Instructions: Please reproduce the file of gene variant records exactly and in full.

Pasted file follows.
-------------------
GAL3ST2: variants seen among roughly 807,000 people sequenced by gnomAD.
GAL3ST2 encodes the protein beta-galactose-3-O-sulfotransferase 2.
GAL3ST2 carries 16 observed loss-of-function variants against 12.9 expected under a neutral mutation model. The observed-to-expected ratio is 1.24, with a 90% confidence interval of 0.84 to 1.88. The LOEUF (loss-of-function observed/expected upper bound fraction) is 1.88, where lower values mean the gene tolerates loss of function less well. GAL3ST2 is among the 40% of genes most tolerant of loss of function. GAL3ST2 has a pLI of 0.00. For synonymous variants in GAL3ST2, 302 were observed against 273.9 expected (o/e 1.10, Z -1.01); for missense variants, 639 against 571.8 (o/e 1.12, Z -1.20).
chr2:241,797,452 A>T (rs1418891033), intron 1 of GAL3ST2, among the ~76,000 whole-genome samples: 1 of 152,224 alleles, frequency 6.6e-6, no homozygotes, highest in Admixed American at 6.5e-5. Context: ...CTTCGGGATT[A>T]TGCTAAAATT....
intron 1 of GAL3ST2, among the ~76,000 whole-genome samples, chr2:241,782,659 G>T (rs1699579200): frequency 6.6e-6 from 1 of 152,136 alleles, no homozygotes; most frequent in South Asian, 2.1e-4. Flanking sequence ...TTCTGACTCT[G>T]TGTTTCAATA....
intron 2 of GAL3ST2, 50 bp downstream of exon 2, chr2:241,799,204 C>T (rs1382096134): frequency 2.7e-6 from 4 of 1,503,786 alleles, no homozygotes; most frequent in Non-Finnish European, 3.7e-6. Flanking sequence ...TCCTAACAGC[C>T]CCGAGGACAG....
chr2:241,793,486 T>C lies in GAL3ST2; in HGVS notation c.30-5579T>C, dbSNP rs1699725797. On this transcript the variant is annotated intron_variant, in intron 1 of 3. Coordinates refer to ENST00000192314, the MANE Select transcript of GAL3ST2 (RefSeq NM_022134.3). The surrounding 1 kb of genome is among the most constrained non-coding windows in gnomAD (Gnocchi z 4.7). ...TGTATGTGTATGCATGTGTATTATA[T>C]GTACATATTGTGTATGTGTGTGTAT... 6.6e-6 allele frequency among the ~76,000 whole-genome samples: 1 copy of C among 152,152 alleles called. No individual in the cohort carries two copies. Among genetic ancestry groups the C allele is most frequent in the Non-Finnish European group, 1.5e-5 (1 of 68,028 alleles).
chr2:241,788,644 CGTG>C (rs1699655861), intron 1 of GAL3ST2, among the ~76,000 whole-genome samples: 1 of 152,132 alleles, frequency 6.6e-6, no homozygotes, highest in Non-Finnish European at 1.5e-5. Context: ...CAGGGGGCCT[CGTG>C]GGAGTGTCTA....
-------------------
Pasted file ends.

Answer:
GAL3ST2: variants seen among roughly 807,000 people sequenced by gnomAD.
GAL3ST2 encodes the protein beta-galactose-3-O-sulfotransferase 2.
GAL3ST2 carries 16 observed loss-of-function variants against 12.9 expected under a neutral mutation model. The observed-to-expected ratio is 1.24, with a 90% confidence interval of 0.84 to 1.88. The LOEUF (loss-of-function observed/expected upper bound fraction) is 1.88, where lower values mean the gene tolerates loss of function less well. GAL3ST2 is among the 40% of genes most tolerant of loss of function. GAL3ST2 has a pLI of 0.00. For synonymous variants in GAL3ST2, 302 were observed against 273.9 expected (o/e 1.10, Z -1.01); for missense variants, 639 against 571.8 (o/e 1.12, Z -1.20).
chr2:241,797,452 A>T (rs1418891033), intron 1 of GAL3ST2, among the ~76,000 whole-genome samples: 1 of 152,224 alleles, frequency 6.6e-6, no homozygotes, highest in Admixed American at 6.5e-5. Context: ...CTTCGGGATT[A>T]TGCTAAAATT....
intron 1 of GAL3ST2, among the ~76,000 whole-genome samples, chr2:241,782,659 G>T (rs1699579200): frequency 6.6e-6 from 1 of 152,136 alleles, no homozygotes; most frequent in South Asian, 2.1e-4. Flanking sequence ...TTCTGACTCT[G>T]TGTTTCAATA....
intron 2 of GAL3ST2, 50 bp downstream of exon 2, chr2:241,799,204 C>T (rs1382096134): frequency 2.7e-6 from 4 of 1,503,786 alleles, no homozygotes; most frequent in Non-Finnish European, 3.7e-6. Flanking sequence ...TCCTAACAGC[C>T]CCGAGGACAG....
chr2:241,793,486 T>C lies in GAL3ST2; in HGVS notation c.30-5579T>C, dbSNP rs1699725797. On this transcript the variant is annotated intron_variant, in intron 1 of 3. Coordinates refer to ENST00000192314, the MANE Select transcript of GAL3ST2 (RefSeq NM_022134.3). The surrounding 1 kb of genome is among the most constrained non-coding windows in gnomAD (Gnocchi z 4.7). ...TGTATGTGTATGCATGTGTATTATA[T>C]GTACATATTGTGTATGTGTGTGTAT... 6.6e-6 allele frequency among the ~76,000 whole-genome samples: 1 copy of C among 152,152 alleles called. No individual in the cohort carries two copies. Among genetic ancestry groups the C allele is most frequent in the Non-Finnish European group, 1.5e-5 (1 of 68,028 alleles).
chr2:241,788,644 CGTG>C (rs1699655861), intron 1 of GAL3ST2, among the ~76,000 whole-genome samples: 1 of 152,132 alleles, frequency 6.6e-6, no homozygotes, highest in Non-Finnish European at 1.5e-5. Context: ...CAGGGGGCCT[CGTG>C]GGAGTGTCTA....